However, GE’s major breakthrough is a prototype fuel cell stack with potential energy conversion efficiency of over 50% that could be manufactured for about $800 per kilowatt. This dollar per power achievement puts GE within reach of $500/kW, the threshold where fuel cells become economically competitive against conventional coal-fired power plants.
Coal plus fuel cells resonate well for many experts because the US has several-hundred years of coal reserves, and fuel cells can rescue more energy from this fuel supply than conventional coal-fired plants. In other words, coal fuel cells can release America from foreign oil dependency for electricity generation while providing more electrons per pound of coal than conventional technologies.
If you’ve read my previous posts, you already know that I don’t like fuel cells, and I don’t like coal. However, I like filthy combustion and reliance on foreign petroleum even less. I therefore endorse GE’s $800/kW coal-fired fuel cell as a great leap forward.
If the US is not yet ready to make a substantial investment in renewable energy, it would at least be sensible to embrace coal-fired fuel cells. While blatantly side-stepping the glaring pollution and greenhouse gas problems presented by coal gasification, we can at least disentangle ourselves from the need to exert military dominance over the Middle East to protect our fossil fuel supply.
Truchard will be presented the award at the 2014 Golden Mousetrap Awards ceremony during the co-located events Pacific Design & Manufacturing, MD&M West, WestPack, PLASTEC West, Electronics West, ATX West, and AeroCon.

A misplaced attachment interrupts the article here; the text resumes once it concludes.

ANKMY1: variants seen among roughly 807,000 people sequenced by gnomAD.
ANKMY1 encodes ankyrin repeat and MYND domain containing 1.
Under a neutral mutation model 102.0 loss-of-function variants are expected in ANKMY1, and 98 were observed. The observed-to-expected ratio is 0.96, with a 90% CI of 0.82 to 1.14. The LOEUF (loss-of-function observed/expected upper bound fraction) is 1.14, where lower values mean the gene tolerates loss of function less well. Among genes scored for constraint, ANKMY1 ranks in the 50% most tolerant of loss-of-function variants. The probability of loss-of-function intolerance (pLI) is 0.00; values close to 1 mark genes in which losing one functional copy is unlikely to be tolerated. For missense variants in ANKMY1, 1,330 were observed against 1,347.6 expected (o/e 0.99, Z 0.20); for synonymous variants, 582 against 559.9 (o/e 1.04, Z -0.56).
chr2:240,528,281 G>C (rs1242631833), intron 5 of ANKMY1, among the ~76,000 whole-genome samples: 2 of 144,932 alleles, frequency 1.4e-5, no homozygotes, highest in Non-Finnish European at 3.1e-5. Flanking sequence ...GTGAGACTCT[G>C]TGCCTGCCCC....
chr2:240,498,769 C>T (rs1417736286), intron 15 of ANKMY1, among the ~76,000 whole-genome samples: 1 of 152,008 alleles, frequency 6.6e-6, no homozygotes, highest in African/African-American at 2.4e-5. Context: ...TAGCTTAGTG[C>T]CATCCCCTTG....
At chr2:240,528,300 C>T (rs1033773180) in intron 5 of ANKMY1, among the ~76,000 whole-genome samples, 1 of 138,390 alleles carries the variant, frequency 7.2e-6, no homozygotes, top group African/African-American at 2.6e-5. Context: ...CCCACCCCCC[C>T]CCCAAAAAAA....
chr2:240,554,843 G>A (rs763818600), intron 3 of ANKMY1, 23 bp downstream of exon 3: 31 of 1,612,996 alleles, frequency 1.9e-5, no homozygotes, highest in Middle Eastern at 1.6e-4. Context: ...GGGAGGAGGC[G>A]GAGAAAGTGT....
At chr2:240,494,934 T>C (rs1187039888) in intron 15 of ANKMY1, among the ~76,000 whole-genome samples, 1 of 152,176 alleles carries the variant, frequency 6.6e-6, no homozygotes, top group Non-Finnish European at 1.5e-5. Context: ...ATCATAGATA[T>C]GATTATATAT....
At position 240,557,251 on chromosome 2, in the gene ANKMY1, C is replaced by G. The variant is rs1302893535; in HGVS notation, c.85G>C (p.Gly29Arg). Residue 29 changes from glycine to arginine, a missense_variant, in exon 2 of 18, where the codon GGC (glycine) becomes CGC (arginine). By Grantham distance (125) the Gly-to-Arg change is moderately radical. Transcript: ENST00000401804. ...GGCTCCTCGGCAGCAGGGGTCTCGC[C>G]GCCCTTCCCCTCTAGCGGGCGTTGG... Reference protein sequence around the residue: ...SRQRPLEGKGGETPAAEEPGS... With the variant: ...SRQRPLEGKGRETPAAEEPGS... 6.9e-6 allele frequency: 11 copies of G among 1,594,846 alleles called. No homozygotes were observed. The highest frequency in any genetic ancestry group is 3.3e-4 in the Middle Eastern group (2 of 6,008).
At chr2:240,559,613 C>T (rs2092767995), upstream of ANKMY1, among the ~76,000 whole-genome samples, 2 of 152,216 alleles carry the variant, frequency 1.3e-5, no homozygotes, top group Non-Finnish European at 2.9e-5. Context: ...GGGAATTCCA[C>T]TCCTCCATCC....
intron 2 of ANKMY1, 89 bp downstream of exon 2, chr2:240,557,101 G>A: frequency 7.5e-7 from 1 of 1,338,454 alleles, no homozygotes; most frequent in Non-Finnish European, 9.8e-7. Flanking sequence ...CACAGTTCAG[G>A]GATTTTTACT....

Robots that walk have come a long way from simple barebones walking machines or pairs of legs without an upper body and head. Much of the research these days focuses on making more humanoid robots. But they are not all created equal.
The IEEE Computer Society has named the top 10 trends for 2014. You can expect the convergence of cloud computing and mobile devices, advances in health care data and devices, as well as privacy issues in social media to make the headlines. And 3D printing came out of nowhere to make a big splash.
For industrial control applications, or even a simple assembly line, that machine can go almost 24/7 without a break. But what happens when the task is a little more complex? That’s where the “smart” machine would come in. The smart machine is one that has some simple (or complex in some cases) processing capability to be able to adapt to changing conditions. Such machines are suited for a host of applications, including automotive, aerospace, defense, medical, computers and electronics, telecommunications, consumer goods, and so on. This discussion will examine what’s possible with smart machines, and what tradeoffs need to be made to implement such a solution.